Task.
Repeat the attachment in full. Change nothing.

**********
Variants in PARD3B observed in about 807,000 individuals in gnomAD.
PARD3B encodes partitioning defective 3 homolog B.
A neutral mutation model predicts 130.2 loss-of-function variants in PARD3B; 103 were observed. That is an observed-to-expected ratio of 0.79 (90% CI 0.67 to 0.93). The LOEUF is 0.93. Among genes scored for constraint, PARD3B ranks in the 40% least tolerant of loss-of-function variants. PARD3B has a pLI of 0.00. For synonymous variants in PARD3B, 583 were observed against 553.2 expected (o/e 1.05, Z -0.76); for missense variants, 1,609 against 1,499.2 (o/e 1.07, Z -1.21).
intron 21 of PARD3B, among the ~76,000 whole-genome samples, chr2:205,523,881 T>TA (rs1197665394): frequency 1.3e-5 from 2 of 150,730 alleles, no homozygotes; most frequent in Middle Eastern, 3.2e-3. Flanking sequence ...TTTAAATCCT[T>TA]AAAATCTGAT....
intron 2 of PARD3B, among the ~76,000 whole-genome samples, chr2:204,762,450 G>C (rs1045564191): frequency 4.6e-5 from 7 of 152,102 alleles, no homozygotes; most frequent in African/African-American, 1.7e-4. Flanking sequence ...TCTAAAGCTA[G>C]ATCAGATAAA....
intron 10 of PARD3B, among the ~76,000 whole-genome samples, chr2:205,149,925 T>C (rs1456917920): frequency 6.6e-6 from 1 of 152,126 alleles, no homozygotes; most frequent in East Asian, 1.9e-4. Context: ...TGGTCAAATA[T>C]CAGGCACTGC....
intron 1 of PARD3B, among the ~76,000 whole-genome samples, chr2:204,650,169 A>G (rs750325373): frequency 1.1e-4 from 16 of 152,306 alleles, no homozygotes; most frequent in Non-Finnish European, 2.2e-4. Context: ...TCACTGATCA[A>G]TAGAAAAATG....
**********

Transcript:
Variants in PARD3B observed in about 807,000 individuals in gnomAD.
PARD3B encodes partitioning defective 3 homolog B.
A neutral mutation model predicts 130.2 loss-of-function variants in PARD3B; 103 were observed. That is an observed-to-expected ratio of 0.79 (90% CI 0.67 to 0.93). The LOEUF is 0.93. Among genes scored for constraint, PARD3B ranks in the 40% least tolerant of loss-of-function variants. PARD3B has a pLI of 0.00. For synonymous variants in PARD3B, 583 were observed against 553.2 expected (o/e 1.05, Z -0.76); for missense variants, 1,609 against 1,499.2 (o/e 1.07, Z -1.21).
intron 21 of PARD3B, among the ~76,000 whole-genome samples, chr2:205,523,881 T>TA (rs1197665394): frequency 1.3e-5 from 2 of 150,730 alleles, no homozygotes; most frequent in Middle Eastern, 3.2e-3. Flanking sequence ...TTTAAATCCT[T>TA]AAAATCTGAT....
intron 2 of PARD3B, among the ~76,000 whole-genome samples, chr2:204,762,450 G>C (rs1045564191): frequency 4.6e-5 from 7 of 152,102 alleles, no homozygotes; most frequent in African/African-American, 1.7e-4. Flanking sequence ...TCTAAAGCTA[G>C]ATCAGATAAA....
intron 10 of PARD3B, among the ~76,000 whole-genome samples, chr2:205,149,925 T>C (rs1456917920): frequency 6.6e-6 from 1 of 152,126 alleles, no homozygotes; most frequent in East Asian, 1.9e-4. Context: ...TGGTCAAATA[T>C]CAGGCACTGC....
intron 1 of PARD3B, among the ~76,000 whole-genome samples, chr2:204,650,169 A>G (rs750325373): frequency 1.1e-4 from 16 of 152,306 alleles, no homozygotes; most frequent in Non-Finnish European, 2.2e-4. Context: ...TCACTGATCA[A>G]TAGAAAAATG....